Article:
In May, it emerged that Greek police were using “sound cannon” to fire bursts of deafening noise at irregular migrants on the frontier with Turkey. Earlier, the British government was discovered to be contemplating the construction of “floating walls” in the English Channel to keep out unwanted arrivals. Whatever other quarrels divide the EU and UK, a determination to use any and every futuristic means to deter irregular migration is not one of them.

The latest example concerns a Danish law that envisages sending asylum-seekers to faraway reception centres, perhaps in Africa, for their claims to be assessed. This concept appeals to the British government, whose Nationality and Borders Bill floats a similar proposal. It remains a mystery why Copenhagen and London expect leaders in Africa or anywhere else to go along with such legally dubious schemes.

Measured by actual numbers, the situation on the EU and British borders is less turbulent than five or six years ago. In 2015, the EU recorded 1.8m illegal border crossings, mostly refugees from conflicts in Afghanistan, Iraq and Syria and other migrants. Thousands drowned in the Mediterranean.

By contrast, there were fewer than 50,000 illegal border crossings in the first five months of this year, according to Frontex, the EU’s border control agency. The equivalent figure for cross Channel arrivals in the UK was fewer than 5,000. Each number is higher than in 2020, when the pandemic limited illegal crossings, but they are nowhere near the levels of 2015 and 2016.

Europe’s migrant question is less one of raw numbers than of the political struggles, social tensions and legal disputes to which the crisis of 2015-16 gave rise. Unlike Greece, Italy, Malta and Spain, which are on the frontline of irregular sea crossings, and unlike Germany and Sweden, which accepted large numbers of asylum-seekers and migrants in 2015-16, the UK played a largely peripheral role in that crisis. But migration, legal and illegal, was a factor behind the vote for Brexit in 2016. The Conservative government sees political advantage in equating its hard line on migrants and refugees with its assertion of national sovereignty outside the EU.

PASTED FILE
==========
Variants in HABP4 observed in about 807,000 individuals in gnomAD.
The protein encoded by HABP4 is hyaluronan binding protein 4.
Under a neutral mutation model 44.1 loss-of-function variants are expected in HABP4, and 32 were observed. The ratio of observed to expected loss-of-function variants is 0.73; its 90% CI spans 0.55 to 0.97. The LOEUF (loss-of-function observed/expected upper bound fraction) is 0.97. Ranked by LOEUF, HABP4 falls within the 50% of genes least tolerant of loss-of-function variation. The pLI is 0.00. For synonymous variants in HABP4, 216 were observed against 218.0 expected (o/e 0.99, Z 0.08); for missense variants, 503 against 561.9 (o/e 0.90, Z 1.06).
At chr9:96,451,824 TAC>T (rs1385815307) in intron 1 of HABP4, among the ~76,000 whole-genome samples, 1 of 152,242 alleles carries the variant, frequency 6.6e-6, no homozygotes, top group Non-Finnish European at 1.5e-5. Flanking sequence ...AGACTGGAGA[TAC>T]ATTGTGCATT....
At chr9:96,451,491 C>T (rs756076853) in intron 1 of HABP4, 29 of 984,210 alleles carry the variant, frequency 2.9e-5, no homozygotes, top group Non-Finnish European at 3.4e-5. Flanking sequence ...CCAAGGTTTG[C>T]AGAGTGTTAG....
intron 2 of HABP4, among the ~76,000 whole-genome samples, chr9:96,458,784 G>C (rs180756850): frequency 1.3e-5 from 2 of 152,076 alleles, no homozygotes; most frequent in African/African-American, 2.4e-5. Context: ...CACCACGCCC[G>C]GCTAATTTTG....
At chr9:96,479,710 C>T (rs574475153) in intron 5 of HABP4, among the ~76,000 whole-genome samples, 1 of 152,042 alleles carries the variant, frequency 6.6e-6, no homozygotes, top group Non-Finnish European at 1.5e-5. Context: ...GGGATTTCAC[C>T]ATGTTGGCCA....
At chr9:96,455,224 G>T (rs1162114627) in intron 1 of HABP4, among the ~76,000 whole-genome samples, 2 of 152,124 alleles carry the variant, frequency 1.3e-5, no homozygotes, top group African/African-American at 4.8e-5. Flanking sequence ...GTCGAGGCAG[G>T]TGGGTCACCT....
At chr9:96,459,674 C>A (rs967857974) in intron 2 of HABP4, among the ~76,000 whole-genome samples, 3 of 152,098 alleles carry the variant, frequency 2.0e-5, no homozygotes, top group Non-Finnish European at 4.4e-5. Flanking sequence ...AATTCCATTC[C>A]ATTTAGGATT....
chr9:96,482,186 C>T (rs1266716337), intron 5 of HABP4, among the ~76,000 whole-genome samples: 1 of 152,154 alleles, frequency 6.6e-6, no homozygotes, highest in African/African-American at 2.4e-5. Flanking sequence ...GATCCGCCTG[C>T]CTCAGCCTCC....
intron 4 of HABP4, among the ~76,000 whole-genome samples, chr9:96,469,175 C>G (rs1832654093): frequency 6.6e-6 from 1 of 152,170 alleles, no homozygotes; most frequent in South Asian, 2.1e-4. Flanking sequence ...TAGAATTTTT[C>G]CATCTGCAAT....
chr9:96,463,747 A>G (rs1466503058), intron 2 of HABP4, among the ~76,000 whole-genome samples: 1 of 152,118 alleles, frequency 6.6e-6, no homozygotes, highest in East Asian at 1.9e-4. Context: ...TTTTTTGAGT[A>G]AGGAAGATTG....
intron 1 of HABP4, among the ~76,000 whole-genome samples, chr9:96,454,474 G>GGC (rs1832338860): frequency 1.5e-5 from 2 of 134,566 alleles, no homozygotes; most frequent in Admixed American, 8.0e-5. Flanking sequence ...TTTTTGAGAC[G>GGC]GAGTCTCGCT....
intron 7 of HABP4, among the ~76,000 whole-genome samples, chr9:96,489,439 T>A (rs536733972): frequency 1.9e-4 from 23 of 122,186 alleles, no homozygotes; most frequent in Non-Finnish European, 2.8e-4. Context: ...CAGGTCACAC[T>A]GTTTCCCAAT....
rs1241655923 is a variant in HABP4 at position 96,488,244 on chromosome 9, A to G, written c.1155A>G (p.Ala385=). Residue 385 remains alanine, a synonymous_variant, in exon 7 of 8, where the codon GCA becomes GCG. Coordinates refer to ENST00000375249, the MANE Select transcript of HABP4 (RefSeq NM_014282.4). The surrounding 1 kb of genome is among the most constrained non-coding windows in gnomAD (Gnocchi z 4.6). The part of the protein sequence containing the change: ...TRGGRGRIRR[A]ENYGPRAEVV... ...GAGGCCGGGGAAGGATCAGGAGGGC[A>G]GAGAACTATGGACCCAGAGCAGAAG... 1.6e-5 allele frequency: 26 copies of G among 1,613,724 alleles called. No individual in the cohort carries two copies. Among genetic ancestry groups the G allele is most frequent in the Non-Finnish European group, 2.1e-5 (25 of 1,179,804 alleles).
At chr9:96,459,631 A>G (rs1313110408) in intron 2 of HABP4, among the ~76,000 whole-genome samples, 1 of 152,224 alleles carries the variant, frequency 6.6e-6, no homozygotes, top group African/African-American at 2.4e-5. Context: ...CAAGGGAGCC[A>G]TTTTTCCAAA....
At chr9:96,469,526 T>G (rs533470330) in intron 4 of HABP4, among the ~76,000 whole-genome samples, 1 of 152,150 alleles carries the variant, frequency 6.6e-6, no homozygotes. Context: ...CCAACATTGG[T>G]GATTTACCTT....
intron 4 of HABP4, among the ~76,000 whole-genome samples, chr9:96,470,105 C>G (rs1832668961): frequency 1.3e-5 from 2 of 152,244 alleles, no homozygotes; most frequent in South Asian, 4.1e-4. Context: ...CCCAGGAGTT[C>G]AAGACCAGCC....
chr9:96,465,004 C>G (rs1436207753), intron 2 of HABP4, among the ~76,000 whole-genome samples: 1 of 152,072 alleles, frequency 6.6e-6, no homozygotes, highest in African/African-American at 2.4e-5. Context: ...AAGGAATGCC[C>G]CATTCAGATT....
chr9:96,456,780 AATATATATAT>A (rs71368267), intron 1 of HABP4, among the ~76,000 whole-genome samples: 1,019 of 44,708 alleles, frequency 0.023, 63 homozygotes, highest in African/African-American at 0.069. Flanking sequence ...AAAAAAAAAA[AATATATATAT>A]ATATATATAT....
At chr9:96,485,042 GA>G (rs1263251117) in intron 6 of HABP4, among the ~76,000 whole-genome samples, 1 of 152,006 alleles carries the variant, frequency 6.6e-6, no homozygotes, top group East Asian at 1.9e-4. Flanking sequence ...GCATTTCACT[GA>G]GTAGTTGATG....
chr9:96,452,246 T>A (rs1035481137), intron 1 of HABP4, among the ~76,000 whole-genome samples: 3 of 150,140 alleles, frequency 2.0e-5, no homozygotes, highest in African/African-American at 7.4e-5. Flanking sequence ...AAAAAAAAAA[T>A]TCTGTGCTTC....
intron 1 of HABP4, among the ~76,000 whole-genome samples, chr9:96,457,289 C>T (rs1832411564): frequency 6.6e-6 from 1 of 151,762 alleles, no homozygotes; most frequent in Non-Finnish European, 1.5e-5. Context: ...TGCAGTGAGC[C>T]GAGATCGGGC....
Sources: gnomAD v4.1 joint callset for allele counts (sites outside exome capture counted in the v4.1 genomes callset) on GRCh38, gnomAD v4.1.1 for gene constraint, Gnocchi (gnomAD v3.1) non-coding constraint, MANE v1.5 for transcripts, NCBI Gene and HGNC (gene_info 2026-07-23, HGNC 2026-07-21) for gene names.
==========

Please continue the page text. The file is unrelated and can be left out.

Matters stand differently in the 27-nation bloc. Step by shameful step, the EU’s asylum and migration policies have degenerated into a ragbag of uncoordinated national efforts to keep out unwanted people. One method is “pushbacks”, a euphemism for arbitrary expulsions of individuals on their arrival without proper assessment of their asylum status. Felipe González Morales, a UN special rapporteur on migrants, said in May that they “result in human rights violations incompatible with states’ obligations under international human rights law”.

Pushbacks are becoming the norm on the EU’s southern and eastern borders. They show that EU governments are hopelessly divided on whether and how to distribute asylum-seekers. A European Commission proposal to place some people in the EU’s asylum system, put others in temporary facilities and remove the rest to their places of origin is paralysed. Burden-sharing is anathema to governments that regard control of their own borders as the top priority.

Pushbacks are also a consequence of a hasty deal that the EU struck with Turkey in 2016. In return for €6bn in financial assistance, Turkey promised to stop irregular entries into the EU and to accept the return of migrants who had crossed to Greece. In practice, a mere 2,140 returns took place between April 2016 and March 2020.

The EU and UK pride themselves on upholding human rights and the rule of law. But their harsh, haphazard treatment of refugees and migrants tells a different story. Pushbacks and sending asylum-seekers to distant lands are methods unworthy of prosperous, civilised nations.